This is a bit of an odd one.

While on an assessment, I was tasked with evading detection from an external perspective. I noticed some weird things this industry is doing to make external evasion easier for us attackers. As usual, I could be entirely wrong.


Perhaps one of the largest issues when it comes to SIEM is noise. In other words, a ton of offenses that are false positives or not of any business concern. Generally speaking, this is where companies will 'tune' a SIEM. This involves creating rule sets, specifying thresholds, etc.

When it comes to the Internet, there is A LOT of noise. Honestly, a large portion of the noise is automated garbage. Regardless, I found that it created an interesting opportunity. Call it 'an Aha! moment'.

Hiding in plain sight?

Remember that time scanning behind Tor was cool? I do. The issue is that 'next-gen' stuff got smart and started flagging traffic from known Exit Nodes. Same goes for a lot of the free SOCKS proxies out there. With the latest advancement in sharing IPs known for stuff, hiding behind other IPs got difficult*.

* Note that I did not say it was impossible.

Naturally, I got curious. I wondered if I, with just a standard nmap scan, could be low and slow enough to hide within the general noise of the Internet. Sadly, I did. Many infosec veterans and nmap gurus will already know how (go ahead and Google the term 'nmap firewall evasion''ll get a ton of results). Nmap has this amazing -T (-T is for timing template) option. The following scan was run:

nmap -sS -T2 -p 21,22,23,80,443,8080,8888,8443 --randomize-hosts --data-string "I'm scanning you.....I'm scanning you....."

This is an INCREDIBLY basic scan. Just an TCP SYN scan with a few ports, randomizing the order hosts are scanned in, appending a data string, and a low timing.

Additionally, here is the entire 'Timing' section from nmap's man page if you are curious:

Options which take <time> are in seconds, or append 'ms' (milliseconds),'s' (seconds), 'm' (minutes), or 'h' (hours) to the value (e.g. 30m).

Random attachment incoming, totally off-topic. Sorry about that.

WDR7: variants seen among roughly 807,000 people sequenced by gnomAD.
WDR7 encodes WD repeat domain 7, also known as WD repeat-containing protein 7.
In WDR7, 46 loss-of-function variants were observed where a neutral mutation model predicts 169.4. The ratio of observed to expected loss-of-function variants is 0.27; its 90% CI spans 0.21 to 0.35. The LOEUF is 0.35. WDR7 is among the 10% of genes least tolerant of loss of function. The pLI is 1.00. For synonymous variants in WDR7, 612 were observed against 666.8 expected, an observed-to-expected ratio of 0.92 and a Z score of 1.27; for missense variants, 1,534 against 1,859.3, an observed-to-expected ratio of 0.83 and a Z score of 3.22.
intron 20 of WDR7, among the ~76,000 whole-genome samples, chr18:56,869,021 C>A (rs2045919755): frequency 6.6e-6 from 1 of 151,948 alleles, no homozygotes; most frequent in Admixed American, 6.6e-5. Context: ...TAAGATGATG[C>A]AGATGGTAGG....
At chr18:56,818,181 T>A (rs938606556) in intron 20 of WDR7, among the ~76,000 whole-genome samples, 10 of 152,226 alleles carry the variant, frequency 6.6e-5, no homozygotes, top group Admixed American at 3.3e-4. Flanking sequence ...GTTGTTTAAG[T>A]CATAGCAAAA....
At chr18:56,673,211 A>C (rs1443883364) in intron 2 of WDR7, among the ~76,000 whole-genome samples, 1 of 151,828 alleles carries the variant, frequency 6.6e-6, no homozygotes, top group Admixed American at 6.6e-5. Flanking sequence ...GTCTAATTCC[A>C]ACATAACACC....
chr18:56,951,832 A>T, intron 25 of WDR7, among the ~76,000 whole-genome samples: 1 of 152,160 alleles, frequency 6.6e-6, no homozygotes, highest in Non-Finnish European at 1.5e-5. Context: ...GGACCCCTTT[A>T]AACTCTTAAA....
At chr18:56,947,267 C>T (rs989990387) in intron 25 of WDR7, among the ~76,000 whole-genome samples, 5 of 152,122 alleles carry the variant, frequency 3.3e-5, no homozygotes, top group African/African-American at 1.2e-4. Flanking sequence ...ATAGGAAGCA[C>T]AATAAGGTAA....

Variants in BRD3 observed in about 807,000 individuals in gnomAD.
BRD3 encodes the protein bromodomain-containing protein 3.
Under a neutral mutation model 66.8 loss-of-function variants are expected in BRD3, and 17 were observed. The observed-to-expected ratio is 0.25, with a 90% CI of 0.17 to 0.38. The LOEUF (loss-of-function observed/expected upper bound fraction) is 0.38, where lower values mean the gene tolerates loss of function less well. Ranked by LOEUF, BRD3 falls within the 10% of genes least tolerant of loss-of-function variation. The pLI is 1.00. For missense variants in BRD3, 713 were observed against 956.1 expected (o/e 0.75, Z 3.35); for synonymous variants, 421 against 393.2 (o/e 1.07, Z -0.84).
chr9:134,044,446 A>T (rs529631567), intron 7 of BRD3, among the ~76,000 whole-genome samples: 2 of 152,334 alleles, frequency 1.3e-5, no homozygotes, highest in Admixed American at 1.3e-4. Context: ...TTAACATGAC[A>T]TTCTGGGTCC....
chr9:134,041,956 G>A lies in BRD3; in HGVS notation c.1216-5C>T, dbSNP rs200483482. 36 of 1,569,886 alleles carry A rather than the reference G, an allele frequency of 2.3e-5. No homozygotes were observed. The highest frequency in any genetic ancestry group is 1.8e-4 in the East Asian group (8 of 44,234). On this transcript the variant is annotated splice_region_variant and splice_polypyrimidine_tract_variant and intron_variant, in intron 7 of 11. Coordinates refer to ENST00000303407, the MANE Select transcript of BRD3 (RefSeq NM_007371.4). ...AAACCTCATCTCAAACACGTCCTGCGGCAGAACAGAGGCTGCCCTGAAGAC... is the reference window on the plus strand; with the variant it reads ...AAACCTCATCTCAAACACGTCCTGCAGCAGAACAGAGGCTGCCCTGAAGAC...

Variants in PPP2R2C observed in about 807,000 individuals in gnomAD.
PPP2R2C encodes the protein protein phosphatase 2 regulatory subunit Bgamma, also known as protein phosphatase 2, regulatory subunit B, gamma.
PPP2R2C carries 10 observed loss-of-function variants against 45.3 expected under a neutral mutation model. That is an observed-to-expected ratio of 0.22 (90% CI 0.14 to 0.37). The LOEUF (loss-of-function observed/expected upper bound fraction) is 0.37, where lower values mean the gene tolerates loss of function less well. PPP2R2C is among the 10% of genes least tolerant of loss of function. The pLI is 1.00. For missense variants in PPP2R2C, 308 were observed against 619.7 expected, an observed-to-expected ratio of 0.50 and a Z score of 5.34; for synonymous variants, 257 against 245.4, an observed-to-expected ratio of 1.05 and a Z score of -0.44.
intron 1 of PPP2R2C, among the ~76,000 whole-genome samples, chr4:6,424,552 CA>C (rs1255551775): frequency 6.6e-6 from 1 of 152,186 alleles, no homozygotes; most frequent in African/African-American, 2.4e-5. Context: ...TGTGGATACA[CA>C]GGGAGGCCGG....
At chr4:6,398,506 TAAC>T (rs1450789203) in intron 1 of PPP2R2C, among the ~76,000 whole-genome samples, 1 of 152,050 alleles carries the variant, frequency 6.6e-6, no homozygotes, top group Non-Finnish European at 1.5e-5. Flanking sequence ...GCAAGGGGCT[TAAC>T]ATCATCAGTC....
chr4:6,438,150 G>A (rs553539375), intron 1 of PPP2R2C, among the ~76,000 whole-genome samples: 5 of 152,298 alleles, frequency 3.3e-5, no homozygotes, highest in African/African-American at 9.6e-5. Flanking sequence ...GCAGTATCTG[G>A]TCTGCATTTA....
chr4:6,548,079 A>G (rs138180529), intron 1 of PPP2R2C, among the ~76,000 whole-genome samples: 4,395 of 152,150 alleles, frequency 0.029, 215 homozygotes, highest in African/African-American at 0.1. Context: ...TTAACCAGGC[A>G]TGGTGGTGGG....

-T<0-5>: Set timing template (higher is faster)

--min-hostgroup/max-hostgroup <size>: Parallel host scan group sizes

--min-parallelism/max-parallelism <numprobes>: Probe parallelization

--min-rtt-timeout/max-rtt-timeout/initial-rtt-timeout <time>: Specifies probe round trip time.

--max-retries <tries>: Caps number of port scan probe retransmissions.

--host-timeout <time>: Give up on target after this long

--scan-delay/--max-scan-delay <time>: Adjust delay between probes

--min-rate <number>: Send packets no slower than <number> per second

--max-rate <number>: Send packets no faster than <number> per second

When discussing with the client, it became known that I had not been detected--even though I ran a ton of scans. After a few further inquiries, they saw me being detected by the firewall, however, zero (0) offenses in their SIEM were created. Why? It was too slow. By time I would scan either another host or hit another port, another %something% would scan them externally.

There's no way this is consistent, right? Surely this is just this one client over tuning their SIEM. Yea, I thought that too. Then I tried this on another client's external range...and another one. Sure enough, they saw firewall logs noticing scanning behavior, however, nothing consistent to create an alert on.

It was interesting to me that, with all the time and money spent on SIEM and the like, evading it was way too easy. Sadly, it seems that as we increase attack complexity, evading defenses is strangely getting...easier?

Edit: I did this on two internal assessments and their SIEM also did not register an actual offense. Nothing like missing targeted scanning because it's so low and slow that enabling being able to see it would overwhelm people.


Hey...wait. We're just talking about not seeing scans...

Please keep in mind that detection was only not observed for scanning activity. Just because you were not observed scanning a network does not mean that you won't be if you pop a shell remotely.

On a side note, I would have thought in 2017 that we'd be able to detect scanning activity regardless of some weird timing intervals.

I'm honestly curious to know if anyone that reads my blog has done/tried this. What were your results? What kind of scan did you run?

Thank you for stopping by and reading!